Wednesday, August 10, 2016

On Trump, violence, and ecclesial complicity

Yesterday's crossing of a line by a presidential candidate, as egregious as it was, is symptomatic of a pervasive malady afflicting the American church as well as its cultural context: credence in the "myth of redemptive violence" (Walter Wink's coinage). It's time to declare the renunciation of all forms of violence and the embrace of the nonviolent way of Jesus a matter of status confessionis for the church (a state of affairs in which the fundamental essence of the Gospel the church confesses is at stake).

This will include forsaking the Niebuhrian realism that has been the received ecclesial justification for American foreign policy since the 1950s, in the Cold War and in the "war on terror." Its pervasive influence was evidenced in the 2008 presidential election campaigns, with both John McCain and Barak Obama crediting Niebuhr's influence on their political philosophies. It can be argued that Niebuhrian realism, offered to the polis by the church, undergirded both the invasion of Iraq under President Bush and the escalation of drone strikes under President Obama (I assert this as someone who voted enthusiastically for Obama twice and continues to admire him and his presidency).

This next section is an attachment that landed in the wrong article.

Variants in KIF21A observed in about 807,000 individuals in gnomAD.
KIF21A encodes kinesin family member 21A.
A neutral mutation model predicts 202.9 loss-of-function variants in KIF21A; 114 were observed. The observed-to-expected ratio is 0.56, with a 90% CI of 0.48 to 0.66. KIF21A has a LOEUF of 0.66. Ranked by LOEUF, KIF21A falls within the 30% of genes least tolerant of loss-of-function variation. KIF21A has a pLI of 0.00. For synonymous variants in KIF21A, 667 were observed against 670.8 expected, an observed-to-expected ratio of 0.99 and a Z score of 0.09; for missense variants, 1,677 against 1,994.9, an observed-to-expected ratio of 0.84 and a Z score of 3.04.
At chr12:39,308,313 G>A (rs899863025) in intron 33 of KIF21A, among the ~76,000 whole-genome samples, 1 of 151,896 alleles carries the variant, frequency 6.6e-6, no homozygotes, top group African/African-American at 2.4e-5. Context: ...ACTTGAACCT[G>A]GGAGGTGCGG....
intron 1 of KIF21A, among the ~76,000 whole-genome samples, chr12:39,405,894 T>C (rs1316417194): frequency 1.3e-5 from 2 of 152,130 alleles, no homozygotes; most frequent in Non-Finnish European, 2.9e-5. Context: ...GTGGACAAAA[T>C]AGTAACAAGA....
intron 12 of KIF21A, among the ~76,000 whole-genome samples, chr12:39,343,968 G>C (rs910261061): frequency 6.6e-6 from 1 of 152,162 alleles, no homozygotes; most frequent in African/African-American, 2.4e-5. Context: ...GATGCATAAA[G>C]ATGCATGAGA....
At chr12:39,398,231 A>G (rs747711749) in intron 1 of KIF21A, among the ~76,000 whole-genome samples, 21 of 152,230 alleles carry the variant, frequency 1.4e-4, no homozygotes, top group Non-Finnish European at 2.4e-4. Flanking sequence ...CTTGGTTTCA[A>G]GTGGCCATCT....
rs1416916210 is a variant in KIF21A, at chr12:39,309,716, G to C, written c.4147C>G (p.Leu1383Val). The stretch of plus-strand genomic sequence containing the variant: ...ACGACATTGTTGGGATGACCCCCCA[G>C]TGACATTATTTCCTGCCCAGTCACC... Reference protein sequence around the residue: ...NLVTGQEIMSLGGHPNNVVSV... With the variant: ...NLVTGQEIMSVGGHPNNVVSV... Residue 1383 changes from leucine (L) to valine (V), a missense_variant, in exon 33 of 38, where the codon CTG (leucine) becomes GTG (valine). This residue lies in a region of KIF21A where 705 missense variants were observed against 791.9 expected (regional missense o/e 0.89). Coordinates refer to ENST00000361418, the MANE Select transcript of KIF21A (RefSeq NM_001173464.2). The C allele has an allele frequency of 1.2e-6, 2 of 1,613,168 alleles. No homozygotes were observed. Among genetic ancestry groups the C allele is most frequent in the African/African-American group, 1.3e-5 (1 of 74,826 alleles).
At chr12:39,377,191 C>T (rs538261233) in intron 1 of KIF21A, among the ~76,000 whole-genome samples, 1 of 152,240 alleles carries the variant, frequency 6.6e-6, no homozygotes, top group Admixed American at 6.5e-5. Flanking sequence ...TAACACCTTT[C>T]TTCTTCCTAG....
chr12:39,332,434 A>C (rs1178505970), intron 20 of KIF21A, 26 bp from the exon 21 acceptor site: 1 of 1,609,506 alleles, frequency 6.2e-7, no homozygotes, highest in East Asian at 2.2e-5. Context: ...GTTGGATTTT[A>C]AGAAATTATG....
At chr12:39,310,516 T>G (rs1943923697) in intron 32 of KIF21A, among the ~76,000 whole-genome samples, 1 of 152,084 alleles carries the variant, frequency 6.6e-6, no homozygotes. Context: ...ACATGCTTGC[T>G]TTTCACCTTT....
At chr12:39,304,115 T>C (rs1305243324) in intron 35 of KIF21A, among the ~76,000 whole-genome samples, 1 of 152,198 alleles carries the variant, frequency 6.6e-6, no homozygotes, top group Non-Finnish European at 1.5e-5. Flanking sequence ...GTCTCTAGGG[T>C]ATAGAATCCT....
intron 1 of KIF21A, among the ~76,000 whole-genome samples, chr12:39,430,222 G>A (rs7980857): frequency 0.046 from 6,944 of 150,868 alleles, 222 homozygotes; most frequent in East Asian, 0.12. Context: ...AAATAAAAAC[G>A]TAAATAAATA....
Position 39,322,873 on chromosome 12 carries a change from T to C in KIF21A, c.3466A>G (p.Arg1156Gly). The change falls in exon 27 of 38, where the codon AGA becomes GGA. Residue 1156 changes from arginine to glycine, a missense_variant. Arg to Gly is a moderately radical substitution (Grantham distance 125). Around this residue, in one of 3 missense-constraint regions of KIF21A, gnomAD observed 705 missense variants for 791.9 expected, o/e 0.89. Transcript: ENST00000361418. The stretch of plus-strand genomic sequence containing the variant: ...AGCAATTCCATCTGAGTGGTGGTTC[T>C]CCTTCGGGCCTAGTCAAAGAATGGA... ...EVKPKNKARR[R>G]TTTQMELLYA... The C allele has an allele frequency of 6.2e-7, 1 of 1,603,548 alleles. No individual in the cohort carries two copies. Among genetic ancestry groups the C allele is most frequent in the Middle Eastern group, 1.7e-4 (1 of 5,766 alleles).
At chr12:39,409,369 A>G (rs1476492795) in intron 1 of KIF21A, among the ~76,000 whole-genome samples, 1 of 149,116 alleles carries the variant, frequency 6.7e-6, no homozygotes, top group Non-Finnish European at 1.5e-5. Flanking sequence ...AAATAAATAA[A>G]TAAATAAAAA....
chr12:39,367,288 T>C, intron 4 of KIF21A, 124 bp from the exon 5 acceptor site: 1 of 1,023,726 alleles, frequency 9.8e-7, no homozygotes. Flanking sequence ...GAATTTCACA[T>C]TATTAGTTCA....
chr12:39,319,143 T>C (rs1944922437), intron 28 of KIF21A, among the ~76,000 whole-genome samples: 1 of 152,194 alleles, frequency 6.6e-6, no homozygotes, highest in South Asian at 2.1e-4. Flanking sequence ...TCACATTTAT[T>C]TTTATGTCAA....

All this is to say that as the church we must both denounce what happened yesterday in Wilmington, North Carolina, and repent of our complicity in the formation of a culture in which those words actually strike a chord with some Americans, so that as followers of Jesus Christ we might actively live into the shalom of the reign of God.

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